‘The ultimate cause of the global financial crisis is the psychology of the real estate bubble,’ Robert J. Shiller said, ‘but it appears that most people have not taken this view to heart.’1
Robert J. Shiller, the renowned professor of economics at Yale University, as well as the expert on U.S. housing markets, noted in the book ‘The Subprime Solution, How Today’s Global Financial Crisis Happened, and what to Do About it’ that, the core of the problem is the irrational public enthusiasm for housing investment.2
How the crisis spread? Shiller attributed it to the chains of events which real estate speculators, mortgage brokers, underwriters, ratings agencies, borrowers, appraisers and investment bankers, all played their roles in. With a social contagion of belief that it is real ‘boom’ rather than ‘bubble’, an optimistic view of the market is widespread. The ‘great intelligence’, at that time, Alan Greenspan, in his 2007 book The Age of Turbulence said that, ‘We were facing not a bubble but froth—lots of small local bubbles never grew to a scale that could overall threaten the economy.’3 Shiller borrowed a term from economic theorists Sushil Bikhchandani that ‘Information Cascades’ occurs when the real intelligent people (the bubble foreseer) disregard their independent collected information and ‘act instead the general information’, with the mass belief. 4 Shiller also pointed that, land speculation went far back into history (in 1930s), but the increase of the focus on real estate market can be related to the ‘aftereffects’ of the stock market boom of 1990s. A transformation of people’s thinking is, in 2000, they expect to make a lot of money investing. They trust ‘smart investors ever more.’ 5 The deepest cause of the bubble, may lie in ourselves,6 Shiller wisely pointed it out, and it maybe the reason that we can hardly unravel it.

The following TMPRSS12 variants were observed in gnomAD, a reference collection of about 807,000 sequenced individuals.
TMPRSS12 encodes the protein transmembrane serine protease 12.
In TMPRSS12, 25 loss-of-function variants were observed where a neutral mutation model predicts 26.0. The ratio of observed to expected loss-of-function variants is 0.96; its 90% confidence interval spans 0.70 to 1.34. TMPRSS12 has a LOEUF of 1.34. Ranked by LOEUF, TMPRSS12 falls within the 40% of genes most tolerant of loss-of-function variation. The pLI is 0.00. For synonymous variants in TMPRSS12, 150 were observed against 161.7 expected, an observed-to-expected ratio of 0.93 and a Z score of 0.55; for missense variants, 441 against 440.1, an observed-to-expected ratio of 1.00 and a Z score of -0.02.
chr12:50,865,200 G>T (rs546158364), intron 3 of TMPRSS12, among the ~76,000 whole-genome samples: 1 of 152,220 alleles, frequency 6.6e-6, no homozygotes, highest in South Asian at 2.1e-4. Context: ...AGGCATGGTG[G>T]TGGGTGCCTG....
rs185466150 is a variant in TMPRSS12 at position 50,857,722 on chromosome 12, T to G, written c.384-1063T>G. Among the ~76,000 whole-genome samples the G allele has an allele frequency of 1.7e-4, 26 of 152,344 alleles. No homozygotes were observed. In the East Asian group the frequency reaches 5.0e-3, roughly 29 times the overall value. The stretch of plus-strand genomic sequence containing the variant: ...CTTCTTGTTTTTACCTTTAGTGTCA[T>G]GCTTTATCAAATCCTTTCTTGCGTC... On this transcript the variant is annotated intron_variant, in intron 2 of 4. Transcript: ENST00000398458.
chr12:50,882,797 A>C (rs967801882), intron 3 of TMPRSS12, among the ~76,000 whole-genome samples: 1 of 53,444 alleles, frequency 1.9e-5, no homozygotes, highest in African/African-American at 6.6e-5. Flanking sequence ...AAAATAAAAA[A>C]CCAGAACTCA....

In the book, Shiller first used a lot of historic cases of US housing, trying to compare and contrast the causes of the contemporary subprime crisis. While in the latter part, he separates the solutions to the serious crisis: Short-term bailout and Long term regulations. His short-term solutions amount to merely a suggestion that we somehow muddle through with some bailouts as trying to minimize moral hazard. His long-term solutions propose to ‘improve the information infrastructure’. 7In my opinion, these informational substitutes are concrete, but somehow difficult to realize.